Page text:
Of course, that’s not everyone. Assume the worst, even if you’ve marked your phone as lost, locked it and erased data. For example, the data erase may have occurred only after a thief accessed most of the information on the device.

Change your email passwords and passwords to other accounts on your phone. Close your bank and credit card accounts, among others. In the long term, keep checking for signs of identity theft such as these:

  • More than one tax return filed in your name
  • Missing mail
  • Mistaken credit card charges
  • Collector calls about mystery debts

Make a police report as early as possible to have a record of your device being lost. Otherwise, you may have a harder time proving you are not responsible for certain debts or activities.

“An Ounce of Prevention Is Worth a Pound of Cure”: Phone Locks, Password Managers, Data Backups and More

In 1735, Benjamin Franklin wrote, “An ounce of prevention is worth a pound of cure.” He was discussing fire safety, but his point applies to today’s mobile devices. Take a few precautions to protect your data in general. So many things can and do go wrong with mobile devices. You could lose your phone, it could get hacked, or someone you thought was a friend might snoop through it.

In any case, solid data protection reduces the chances you need to do a data erase. These four safeguards protect your privacy:

Images representing phone locks, software updates, data backups and lost phone programs

Phone Locks and Passcodes

Depending on how new and sophisticated your device is, it might accept biometric IDs along with a passcodepattern or PIN. For example, Touch ID and Face ID on iOS devices are great. They’re less cumbersome than typing a complicated passcode every few minutes. However, don’t let these biometric technological advances lull you into a false sense of security. It’s very important to have a secure passcode (eight digits or more) even if you rarely use it.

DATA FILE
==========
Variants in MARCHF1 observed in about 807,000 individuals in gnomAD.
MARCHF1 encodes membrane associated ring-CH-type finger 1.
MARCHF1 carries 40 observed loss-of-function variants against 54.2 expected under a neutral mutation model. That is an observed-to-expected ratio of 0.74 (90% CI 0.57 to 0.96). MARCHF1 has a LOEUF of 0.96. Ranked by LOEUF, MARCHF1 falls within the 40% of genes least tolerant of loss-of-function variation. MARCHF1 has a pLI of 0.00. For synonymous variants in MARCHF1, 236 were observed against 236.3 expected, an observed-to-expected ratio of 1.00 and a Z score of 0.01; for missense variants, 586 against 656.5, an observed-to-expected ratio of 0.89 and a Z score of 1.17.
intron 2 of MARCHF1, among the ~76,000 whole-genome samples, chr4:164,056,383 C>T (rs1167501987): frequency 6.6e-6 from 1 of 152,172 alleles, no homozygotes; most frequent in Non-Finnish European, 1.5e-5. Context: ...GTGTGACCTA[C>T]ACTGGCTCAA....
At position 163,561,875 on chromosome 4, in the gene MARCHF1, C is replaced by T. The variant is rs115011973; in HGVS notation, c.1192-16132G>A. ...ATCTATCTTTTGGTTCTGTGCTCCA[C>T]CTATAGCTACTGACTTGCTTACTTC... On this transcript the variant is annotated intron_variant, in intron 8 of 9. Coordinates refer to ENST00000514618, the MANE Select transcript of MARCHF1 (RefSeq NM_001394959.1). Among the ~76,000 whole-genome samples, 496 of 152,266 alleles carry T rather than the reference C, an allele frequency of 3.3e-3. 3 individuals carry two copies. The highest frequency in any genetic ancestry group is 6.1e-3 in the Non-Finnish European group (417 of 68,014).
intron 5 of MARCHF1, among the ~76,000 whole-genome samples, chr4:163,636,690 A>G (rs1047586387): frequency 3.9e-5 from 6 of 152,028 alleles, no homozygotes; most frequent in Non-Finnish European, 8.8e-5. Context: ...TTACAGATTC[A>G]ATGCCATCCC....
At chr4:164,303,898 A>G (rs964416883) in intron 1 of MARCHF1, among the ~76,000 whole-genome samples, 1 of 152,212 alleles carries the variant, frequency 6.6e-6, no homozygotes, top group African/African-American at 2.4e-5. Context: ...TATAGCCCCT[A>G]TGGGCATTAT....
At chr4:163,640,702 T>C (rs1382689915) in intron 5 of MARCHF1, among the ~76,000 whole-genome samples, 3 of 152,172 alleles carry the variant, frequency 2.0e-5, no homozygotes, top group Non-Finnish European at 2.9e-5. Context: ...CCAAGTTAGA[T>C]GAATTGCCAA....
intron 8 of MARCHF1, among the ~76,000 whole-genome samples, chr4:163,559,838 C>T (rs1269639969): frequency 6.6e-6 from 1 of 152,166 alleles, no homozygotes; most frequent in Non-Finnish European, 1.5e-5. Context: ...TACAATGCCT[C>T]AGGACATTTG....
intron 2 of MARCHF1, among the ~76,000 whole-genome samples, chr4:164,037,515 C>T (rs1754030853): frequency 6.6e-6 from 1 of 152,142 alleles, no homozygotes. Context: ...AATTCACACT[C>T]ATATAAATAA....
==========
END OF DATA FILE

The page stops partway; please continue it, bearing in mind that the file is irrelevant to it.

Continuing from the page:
Tips for phone locks and passcodes

Why are eight-digit passcodes more secure than Touch ID and Face ID?

First things first: It is extremely unlikely that a random person off the street will be able to unlock your phone whether you have Touch ID, Face ID or a passcode (regardless of its complexity). On the other hand, if you have none of these measures, the person could immediately access everything on your device. A four-digit passcode is better than nothing. Apple presents the security odds this way:

  • False fingerprint unlock: 1 in 50,000 chance
  • False face unlock: 1 in 1 million chance
  • 4-digit lucky passcode guess: 1 in 10,000*
  • 6-digit lucky passcode guess: 1 in 1 million*
  • 8-digit lucky passcode guess: 1 in 3 million to 100 million*

There is a big difference between a one in 50,000 chance (false fingerprint unlock) and a one in 3 million chance (lucky passcode guess). Still, 1 in 50,000 isn’t too shabby.

If you use an Android phone and have patterns or PINs, that’s fine. Anything is better than nothing. Just don’t give Joe Random off the street unfettered access to your device. Use some sort of protection.